Will your training methods pass an OSHA inspection?
It has always been important for workers to receive safety training in a format they can understand. Now, OSHA is stepping up its checks to ensure this is happening in the workplace.
Secretary of Labor Hilda Solis announced earlier this year that OSHA compliance officers will start verifying not only that required training has been conducted, but that the training was provided in a format that the workers could understand.
Language and vocabulary must be considered
According to an April 28, 2010, policy statement, it is OSHA’s position that, regardless of the precise regulatory language, the terms "train" and "instruct," as well as other synonyms, mean to present information in a manner that employees receiving it are capable of understanding, both in terms of language and vocabulary.
For example, if an employee does not speak or comprehend English, OSHA says instruction must be provided in a language the employee can understand. Similarly, if the employee’s vocabulary is limited, the training must account for that limitation. By the same token, if employees are not literate, telling them to read training materials will not satisfy the employer’s training obligation, OSHA says.
How are other work instructions communicated?
As a general matter, employers are expected to realize that if they customarily need to communicate work instructions or other workplace information to employees at a certain vocabulary level or in a language other than English, they will also need to provide safety and health training to employees in the same manner.
How OSHA will check
OSHA is instructing compliance officers to check ...
- Whether workplace instructions regarding job duties are given in a language other than English and determine whether the employer already is transmitting information with comprehensibility in mind; and
- Whether the training is truly effective, rather than just being completed, i.e., an employer may have training records but employees may not have been able to understand the elements included in the training.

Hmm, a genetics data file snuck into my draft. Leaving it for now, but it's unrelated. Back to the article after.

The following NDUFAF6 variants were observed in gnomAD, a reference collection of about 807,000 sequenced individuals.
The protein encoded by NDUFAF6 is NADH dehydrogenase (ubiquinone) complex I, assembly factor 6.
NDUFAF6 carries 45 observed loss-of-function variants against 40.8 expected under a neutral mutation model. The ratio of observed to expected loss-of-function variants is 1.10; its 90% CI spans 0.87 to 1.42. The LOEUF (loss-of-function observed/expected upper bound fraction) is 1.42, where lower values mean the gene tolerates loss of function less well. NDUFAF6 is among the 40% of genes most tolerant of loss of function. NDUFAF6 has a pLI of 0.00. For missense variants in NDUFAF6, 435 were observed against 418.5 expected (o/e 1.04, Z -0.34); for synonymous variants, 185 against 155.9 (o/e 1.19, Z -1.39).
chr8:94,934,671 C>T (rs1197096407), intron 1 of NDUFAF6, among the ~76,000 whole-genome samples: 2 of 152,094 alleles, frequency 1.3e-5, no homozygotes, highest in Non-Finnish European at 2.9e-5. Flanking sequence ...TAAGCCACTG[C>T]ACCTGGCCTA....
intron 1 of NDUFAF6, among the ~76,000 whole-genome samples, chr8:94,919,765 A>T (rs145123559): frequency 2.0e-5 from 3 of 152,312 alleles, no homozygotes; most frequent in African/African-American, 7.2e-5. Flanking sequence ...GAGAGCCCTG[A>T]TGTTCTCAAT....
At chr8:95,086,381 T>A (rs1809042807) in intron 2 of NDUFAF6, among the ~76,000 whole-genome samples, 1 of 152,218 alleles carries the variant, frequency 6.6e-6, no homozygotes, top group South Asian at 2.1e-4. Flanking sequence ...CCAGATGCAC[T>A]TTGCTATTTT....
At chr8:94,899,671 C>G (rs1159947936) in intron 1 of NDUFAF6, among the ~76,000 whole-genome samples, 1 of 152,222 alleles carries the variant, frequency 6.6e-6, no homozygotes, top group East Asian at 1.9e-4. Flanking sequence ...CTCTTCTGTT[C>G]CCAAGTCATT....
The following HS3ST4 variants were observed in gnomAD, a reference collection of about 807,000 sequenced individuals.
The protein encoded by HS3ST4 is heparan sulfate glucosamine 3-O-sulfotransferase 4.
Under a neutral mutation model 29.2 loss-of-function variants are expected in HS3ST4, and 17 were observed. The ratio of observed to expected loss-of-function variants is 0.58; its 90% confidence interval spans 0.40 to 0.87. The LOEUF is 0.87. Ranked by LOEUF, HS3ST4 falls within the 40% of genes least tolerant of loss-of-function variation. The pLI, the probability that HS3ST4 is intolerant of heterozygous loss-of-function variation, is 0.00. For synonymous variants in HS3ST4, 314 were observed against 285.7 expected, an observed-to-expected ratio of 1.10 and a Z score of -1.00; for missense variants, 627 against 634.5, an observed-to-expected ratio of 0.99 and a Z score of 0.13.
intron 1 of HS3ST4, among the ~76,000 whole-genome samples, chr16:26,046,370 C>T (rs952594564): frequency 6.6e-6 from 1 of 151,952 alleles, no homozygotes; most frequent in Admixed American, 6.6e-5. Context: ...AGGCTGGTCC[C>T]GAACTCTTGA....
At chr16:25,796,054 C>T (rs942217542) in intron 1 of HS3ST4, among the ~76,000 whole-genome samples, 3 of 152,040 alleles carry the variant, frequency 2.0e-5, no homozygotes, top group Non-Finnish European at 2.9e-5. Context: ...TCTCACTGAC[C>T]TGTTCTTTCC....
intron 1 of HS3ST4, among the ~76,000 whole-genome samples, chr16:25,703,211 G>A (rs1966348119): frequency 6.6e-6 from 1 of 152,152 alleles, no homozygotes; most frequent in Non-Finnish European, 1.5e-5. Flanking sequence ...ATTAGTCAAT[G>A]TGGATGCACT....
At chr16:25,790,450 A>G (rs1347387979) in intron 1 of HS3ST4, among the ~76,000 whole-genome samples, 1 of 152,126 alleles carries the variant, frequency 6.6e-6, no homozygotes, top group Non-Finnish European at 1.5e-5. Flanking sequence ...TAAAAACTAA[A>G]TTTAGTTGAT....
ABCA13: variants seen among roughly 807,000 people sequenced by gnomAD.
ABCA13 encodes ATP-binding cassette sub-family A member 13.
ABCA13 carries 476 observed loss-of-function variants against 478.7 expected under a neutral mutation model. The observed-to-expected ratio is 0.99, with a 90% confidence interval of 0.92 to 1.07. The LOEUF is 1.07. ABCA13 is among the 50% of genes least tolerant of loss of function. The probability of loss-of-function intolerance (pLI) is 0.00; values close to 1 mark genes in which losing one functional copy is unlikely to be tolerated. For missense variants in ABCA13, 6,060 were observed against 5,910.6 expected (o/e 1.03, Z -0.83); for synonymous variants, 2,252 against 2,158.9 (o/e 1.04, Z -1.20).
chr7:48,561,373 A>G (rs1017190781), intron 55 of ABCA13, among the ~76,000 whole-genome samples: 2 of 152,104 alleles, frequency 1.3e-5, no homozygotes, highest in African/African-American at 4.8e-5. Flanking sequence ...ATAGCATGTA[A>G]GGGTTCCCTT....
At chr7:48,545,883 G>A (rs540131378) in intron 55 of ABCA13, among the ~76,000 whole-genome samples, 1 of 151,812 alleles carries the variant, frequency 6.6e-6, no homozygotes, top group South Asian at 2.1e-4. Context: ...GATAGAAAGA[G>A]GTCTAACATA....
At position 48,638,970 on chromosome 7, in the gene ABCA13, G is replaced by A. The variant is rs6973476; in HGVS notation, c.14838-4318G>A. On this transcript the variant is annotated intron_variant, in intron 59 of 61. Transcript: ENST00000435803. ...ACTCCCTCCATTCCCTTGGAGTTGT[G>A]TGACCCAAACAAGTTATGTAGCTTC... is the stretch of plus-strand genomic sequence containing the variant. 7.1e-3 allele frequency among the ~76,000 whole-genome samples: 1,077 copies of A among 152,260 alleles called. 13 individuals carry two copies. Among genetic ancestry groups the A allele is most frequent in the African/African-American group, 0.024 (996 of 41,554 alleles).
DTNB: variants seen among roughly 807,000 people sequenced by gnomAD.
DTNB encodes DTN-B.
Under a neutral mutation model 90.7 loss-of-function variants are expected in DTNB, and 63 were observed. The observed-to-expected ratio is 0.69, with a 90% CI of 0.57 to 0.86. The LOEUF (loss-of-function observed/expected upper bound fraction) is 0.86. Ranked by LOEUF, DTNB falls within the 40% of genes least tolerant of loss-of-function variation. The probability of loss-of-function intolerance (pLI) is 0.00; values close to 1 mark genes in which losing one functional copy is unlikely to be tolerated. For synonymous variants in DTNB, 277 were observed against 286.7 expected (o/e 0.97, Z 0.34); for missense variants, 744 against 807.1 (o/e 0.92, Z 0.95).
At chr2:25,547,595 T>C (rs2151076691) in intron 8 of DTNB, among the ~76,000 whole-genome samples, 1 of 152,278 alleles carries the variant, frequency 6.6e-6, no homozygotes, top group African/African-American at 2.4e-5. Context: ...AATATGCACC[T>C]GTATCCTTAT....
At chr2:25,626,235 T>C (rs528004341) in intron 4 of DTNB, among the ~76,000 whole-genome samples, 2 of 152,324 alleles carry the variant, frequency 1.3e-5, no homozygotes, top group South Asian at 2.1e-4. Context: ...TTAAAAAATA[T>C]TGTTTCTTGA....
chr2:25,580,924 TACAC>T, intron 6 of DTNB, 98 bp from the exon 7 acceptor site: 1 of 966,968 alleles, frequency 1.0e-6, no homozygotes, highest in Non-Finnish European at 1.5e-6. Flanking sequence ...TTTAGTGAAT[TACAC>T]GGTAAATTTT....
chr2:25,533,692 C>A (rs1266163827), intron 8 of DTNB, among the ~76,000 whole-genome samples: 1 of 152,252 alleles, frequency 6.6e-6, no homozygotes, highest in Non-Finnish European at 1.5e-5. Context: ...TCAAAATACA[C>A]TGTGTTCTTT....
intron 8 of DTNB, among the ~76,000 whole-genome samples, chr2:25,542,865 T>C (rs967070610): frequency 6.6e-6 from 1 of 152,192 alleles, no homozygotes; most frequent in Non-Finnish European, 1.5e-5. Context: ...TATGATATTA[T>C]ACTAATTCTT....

What you can do now
The following are some tips on how to ensure your training is understandable:
- Use a bilingual instructor. This ensures that your non-English speaking employees understand the safety requirements at your company. If that is not practical, a bilingual employee may prove helpful in relaying safety information.
- Offer translated training materials. Give employees training materials that present the information in their native language.
- Keep it simple. If the employee’s vocabulary is limited, you must account for that limitation. Keep training materials simple and avoid technical jargon. Have them translated, as necessary.
- Use visual aids. Signs, pictures, symbols, graphics, posters, and videos are a great way to relay important safety information. Use them during training and as daily reminders throughout your facility.
- Use demonstrations. The best way to ensure employees understand how to do their job is to show them how to do it.
- Offer incentives. Reward bilingual employees who help out with workers who are not fluent in English. Also, consider providing instruction in learning the English language to non-English speaking employees. Over time, this may lessen the need to provide training in other languages.